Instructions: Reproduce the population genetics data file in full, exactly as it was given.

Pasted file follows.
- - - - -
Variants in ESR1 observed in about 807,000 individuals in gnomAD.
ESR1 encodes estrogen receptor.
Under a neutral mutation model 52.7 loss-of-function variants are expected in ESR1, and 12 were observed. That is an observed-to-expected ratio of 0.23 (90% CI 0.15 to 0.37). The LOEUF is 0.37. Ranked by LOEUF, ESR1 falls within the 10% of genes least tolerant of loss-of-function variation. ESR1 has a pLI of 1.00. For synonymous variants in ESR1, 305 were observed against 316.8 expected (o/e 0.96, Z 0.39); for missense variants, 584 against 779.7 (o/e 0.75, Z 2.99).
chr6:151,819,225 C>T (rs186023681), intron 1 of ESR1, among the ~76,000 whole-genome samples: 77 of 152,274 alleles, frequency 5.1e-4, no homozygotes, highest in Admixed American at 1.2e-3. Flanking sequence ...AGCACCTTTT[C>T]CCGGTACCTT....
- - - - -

Variants in ESR1 observed in about 807,000 individuals in gnomAD.
ESR1 encodes estrogen receptor.
Under a neutral mutation model 52.7 loss-of-function variants are expected in ESR1, and 12 were observed. That is an observed-to-expected ratio of 0.23 (90% CI 0.15 to 0.37). The LOEUF is 0.37. Ranked by LOEUF, ESR1 falls within the 10% of genes least tolerant of loss-of-function variation. ESR1 has a pLI of 1.00. For synonymous variants in ESR1, 305 were observed against 316.8 expected (o/e 0.96, Z 0.39); for missense variants, 584 against 779.7 (o/e 0.75, Z 2.99).
chr6:151,819,225 C>T (rs186023681), intron 1 of ESR1, among the ~76,000 whole-genome samples: 77 of 152,274 alleles, frequency 5.1e-4, no homozygotes, highest in Admixed American at 1.2e-3. Flanking sequence ...AGCACCTTTT[C>T]CCGGTACCTT....